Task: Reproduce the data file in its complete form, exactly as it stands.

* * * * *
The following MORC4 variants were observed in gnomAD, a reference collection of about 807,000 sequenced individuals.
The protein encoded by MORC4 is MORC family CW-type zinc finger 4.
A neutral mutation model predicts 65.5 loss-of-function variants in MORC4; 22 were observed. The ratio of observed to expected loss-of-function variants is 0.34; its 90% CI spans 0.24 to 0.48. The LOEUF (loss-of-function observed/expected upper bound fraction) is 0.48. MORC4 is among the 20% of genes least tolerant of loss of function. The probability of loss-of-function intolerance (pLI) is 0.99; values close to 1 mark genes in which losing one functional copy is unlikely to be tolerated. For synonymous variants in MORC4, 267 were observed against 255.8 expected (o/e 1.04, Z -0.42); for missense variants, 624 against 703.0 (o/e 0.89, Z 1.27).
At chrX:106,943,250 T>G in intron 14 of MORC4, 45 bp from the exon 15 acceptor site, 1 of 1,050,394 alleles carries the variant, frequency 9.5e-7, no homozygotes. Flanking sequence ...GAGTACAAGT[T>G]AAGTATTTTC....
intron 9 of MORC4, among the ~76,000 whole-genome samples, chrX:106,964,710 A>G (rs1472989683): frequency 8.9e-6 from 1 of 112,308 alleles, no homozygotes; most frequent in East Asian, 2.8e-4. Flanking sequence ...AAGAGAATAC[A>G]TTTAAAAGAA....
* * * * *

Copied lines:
The following MORC4 variants were observed in gnomAD, a reference collection of about 807,000 sequenced individuals.
The protein encoded by MORC4 is MORC family CW-type zinc finger 4.
A neutral mutation model predicts 65.5 loss-of-function variants in MORC4; 22 were observed. The ratio of observed to expected loss-of-function variants is 0.34; its 90% CI spans 0.24 to 0.48. The LOEUF (loss-of-function observed/expected upper bound fraction) is 0.48. MORC4 is among the 20% of genes least tolerant of loss of function. The probability of loss-of-function intolerance (pLI) is 0.99; values close to 1 mark genes in which losing one functional copy is unlikely to be tolerated. For synonymous variants in MORC4, 267 were observed against 255.8 expected (o/e 1.04, Z -0.42); for missense variants, 624 against 703.0 (o/e 0.89, Z 1.27).
At chrX:106,943,250 T>G in intron 14 of MORC4, 45 bp from the exon 15 acceptor site, 1 of 1,050,394 alleles carries the variant, frequency 9.5e-7, no homozygotes. Flanking sequence ...GAGTACAAGT[T>G]AAGTATTTTC....
intron 9 of MORC4, among the ~76,000 whole-genome samples, chrX:106,964,710 A>G (rs1472989683): frequency 8.9e-6 from 1 of 112,308 alleles, no homozygotes; most frequent in East Asian, 2.8e-4. Flanking sequence ...AAGAGAATAC[A>G]TTTAAAAGAA....